On this day in history, Jan. 14, 1889, Congress approved “An act for the relief and civilization of the Chippewa Indians in the State of Minnesota.” Not surprisingly, that’s a euphemism. The act did not provide relief. Quite the opposite, it violated treaties, stole Native lands, and otherwise did great damage to the Chippewa people.
(Note: The names Chippewa, Ojibwe, and Anishinaabe all refer to the same people; their name for themselves is Anishinaabe, which is used in the remainder of this blog.)
This 1889 act is commonly referred to as the Nelson Act, after Minnesota Congressman Knute Nelson who pushed it through. He would go on to become both a Minnesota Governor and U.S. Senator. Though most people probably don’t know it, Nelson holds a prominent place of honor at the Minnesota State Capitol; his statue is on front steps overlooking the Capitol mall.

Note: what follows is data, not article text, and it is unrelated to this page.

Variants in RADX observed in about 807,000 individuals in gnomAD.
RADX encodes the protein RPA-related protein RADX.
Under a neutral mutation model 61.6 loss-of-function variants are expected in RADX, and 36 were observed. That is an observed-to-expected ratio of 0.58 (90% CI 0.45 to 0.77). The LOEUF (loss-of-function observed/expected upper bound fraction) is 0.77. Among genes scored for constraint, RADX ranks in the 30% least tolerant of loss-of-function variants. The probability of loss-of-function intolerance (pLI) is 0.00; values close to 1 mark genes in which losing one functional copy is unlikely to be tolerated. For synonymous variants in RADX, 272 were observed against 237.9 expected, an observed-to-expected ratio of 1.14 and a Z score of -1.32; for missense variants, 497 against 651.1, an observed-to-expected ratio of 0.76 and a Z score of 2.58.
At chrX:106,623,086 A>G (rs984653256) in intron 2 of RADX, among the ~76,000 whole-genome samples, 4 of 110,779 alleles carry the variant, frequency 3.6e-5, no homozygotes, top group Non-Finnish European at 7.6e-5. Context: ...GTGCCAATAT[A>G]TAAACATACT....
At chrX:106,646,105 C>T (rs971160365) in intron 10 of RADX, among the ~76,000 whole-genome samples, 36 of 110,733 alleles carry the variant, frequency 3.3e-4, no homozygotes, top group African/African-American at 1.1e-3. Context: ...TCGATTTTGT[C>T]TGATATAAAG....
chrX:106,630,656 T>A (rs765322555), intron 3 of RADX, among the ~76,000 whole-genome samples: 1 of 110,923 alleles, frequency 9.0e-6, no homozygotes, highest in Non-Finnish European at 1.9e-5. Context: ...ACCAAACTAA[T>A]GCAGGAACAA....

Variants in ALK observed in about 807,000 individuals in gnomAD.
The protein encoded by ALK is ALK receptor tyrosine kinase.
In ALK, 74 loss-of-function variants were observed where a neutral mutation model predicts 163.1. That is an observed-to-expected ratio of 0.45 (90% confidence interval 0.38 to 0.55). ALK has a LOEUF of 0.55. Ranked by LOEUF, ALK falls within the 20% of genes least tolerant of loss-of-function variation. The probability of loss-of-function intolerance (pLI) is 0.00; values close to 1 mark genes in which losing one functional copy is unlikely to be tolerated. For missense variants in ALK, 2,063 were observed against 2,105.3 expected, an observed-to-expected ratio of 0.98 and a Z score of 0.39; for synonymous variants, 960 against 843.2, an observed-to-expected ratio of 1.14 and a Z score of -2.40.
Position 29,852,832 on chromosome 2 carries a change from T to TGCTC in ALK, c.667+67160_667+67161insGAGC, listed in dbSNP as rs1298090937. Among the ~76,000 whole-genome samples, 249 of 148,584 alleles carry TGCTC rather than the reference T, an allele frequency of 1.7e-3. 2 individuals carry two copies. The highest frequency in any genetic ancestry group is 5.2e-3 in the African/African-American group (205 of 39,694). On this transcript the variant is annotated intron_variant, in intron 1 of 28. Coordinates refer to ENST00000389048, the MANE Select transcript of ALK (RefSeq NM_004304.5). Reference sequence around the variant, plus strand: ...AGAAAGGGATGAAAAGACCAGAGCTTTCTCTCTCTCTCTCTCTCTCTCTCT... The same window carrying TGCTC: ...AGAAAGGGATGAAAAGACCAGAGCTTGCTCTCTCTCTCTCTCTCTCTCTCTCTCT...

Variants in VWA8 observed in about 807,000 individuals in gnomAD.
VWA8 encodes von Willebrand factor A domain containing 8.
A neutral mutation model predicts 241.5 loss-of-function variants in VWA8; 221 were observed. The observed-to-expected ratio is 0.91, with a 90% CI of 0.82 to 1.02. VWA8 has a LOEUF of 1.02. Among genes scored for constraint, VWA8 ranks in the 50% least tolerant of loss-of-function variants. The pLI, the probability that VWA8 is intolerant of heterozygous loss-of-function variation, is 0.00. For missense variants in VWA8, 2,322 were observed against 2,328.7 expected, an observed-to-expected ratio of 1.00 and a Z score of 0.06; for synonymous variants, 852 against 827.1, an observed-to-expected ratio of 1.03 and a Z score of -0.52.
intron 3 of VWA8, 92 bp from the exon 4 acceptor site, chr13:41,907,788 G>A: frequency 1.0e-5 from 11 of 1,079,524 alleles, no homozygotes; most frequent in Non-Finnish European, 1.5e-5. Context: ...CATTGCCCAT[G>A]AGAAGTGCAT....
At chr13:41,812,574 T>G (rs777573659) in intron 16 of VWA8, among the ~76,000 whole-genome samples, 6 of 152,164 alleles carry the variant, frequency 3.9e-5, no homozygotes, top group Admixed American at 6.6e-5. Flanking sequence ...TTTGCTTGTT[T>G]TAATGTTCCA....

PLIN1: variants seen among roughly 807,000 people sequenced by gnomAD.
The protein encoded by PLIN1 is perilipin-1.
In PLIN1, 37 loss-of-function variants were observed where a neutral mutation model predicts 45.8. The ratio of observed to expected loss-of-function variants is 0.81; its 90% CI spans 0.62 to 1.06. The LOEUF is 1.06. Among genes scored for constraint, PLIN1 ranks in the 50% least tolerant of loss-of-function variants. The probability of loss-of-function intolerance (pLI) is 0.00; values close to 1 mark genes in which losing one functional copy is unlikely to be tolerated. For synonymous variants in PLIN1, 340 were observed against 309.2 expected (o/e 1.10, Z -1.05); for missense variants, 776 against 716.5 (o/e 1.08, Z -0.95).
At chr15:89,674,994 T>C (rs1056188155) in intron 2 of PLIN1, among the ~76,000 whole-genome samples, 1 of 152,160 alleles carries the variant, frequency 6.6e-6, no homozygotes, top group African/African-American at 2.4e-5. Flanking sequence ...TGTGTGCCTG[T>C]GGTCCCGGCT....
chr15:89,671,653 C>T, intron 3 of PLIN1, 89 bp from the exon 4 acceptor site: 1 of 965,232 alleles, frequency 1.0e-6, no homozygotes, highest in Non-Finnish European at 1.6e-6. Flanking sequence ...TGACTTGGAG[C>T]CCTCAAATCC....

I am sure you could stop people on the Capitol steps and few would be able to name Nelson let alone know anything about him. So here’s what you should know about the man, the statue, and his namesake law. Continue reading